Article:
One web browser is plenty for most folks but you might find yourself needing more for various reasons. For instance, here is a handful of activities I can think of that you might want to perform in separate browsers:

  • Work activity. Maybe you have a time-tracking extension for work. Or you are logged into your work Google account. Etc.
  • Development. Maybe you love to develop in a particular browser because of its devtools.
  • Social media. Maybe you want to contain your social media activity to one browser as a way to mitigate tracking and targeted ads.
  • Picky apps. it shouldn’t be this way but sometimes you need Chrome for that one app that refuses to work in Firefox or Safari.

Okay that’s all I can think of off the top of my head but there are probably other reasons.

Much of this could probably be done with browser profiles. That’s cool too!

The problem

If you are using multiple browsers, you’ve probably hit the classic multi-browser annoyance—opening a link in the wrong browser.

This is super annoying. But this problem can be mitigated by using a specialized browser made for opening other browsers.

The solution

There are several of these browser-opening browsers but the one I’ve landed on is Choosy.1 Make Choosy your default browser and it will do the work of opening your links in the right browser or profile.

There are a ton of features and different ways you can use Choosy. Check out the website for all the details, but at a high level, there are two ways Choosy picks which browser to use:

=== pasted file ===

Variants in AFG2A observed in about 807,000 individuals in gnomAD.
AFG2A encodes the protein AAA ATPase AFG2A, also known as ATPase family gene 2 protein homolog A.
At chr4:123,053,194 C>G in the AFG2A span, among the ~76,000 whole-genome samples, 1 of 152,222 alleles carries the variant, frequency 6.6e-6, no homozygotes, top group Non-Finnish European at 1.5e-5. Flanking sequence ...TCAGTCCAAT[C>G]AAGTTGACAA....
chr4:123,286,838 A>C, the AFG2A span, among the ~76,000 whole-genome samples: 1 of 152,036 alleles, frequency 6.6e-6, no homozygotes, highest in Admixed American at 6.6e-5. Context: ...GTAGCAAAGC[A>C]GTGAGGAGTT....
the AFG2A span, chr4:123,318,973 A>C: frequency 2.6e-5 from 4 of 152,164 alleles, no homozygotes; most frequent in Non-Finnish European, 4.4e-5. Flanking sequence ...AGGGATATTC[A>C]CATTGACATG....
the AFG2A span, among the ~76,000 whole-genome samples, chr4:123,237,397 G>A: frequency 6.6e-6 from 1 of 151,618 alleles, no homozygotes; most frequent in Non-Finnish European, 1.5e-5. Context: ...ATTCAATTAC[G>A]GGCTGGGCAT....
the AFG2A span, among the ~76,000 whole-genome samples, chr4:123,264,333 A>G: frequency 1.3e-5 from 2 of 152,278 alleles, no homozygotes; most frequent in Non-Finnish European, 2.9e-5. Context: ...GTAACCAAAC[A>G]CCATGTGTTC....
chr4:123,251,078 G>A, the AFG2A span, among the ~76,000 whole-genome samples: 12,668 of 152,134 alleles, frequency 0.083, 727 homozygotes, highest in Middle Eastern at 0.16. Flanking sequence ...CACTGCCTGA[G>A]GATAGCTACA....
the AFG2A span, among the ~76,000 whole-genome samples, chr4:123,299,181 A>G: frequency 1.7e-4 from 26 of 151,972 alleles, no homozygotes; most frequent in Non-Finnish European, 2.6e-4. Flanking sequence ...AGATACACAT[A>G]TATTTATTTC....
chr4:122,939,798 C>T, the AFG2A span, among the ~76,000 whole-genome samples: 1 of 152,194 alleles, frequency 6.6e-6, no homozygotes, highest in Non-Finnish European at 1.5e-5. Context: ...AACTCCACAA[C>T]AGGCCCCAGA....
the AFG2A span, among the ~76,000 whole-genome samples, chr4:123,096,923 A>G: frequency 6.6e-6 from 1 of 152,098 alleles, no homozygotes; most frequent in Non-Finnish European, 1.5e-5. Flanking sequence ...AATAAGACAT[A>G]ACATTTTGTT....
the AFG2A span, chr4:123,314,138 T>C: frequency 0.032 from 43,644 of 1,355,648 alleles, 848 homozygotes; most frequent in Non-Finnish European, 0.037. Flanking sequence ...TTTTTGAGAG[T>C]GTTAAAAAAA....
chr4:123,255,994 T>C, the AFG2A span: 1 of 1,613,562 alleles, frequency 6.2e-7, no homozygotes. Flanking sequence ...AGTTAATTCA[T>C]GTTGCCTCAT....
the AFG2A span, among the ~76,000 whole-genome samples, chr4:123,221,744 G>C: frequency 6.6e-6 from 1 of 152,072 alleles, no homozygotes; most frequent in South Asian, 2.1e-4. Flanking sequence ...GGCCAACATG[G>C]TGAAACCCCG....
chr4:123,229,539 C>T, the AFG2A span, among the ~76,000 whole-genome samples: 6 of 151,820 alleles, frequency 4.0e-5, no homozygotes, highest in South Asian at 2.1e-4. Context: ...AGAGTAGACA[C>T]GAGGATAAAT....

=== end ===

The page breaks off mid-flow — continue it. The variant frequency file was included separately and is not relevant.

• Prompting you with a choice
  • Choosing automatically based on rules you have provided

The second item is where the magic is at for me. I’m able to set up rules to open links in my work browser2 profile if any of the following are true:

  • The URL matches my work’s GitLab instance
  • The URL includes the name of our cloud platform
  • The URL matches one of the handful of URLs we use when serving our app locally for development

And I just want to reiterate, the links not only open in the specified browser, but also the specified profile.3

Anything not matching the work rules I set up will fallback to my preferred default browser, Firefox.

I’m so used to it—because it operates so smoothly—that I take Choosy for granted. And that’s why I decided to write about it. If you’re dealing with multiple browsers, Choosy can make it a much nicer experience.

  1. Another one I’ve tried is LinCastor Browser. It works a bit differently but ultimately can open a browser according to specified rules. It’s serviceable, but I find Choosy to be easier to use and understand. 
  2. Previously Google Chrome, but recently trying out Microsoft Edge. 
  3. I’ve done it with Chromium-based browsers that have profiles. I haven’t tried it with Firefox profiles, as that browser does profiles a bit differently. From what I can tell, this feature only works with Chromium-based browsers.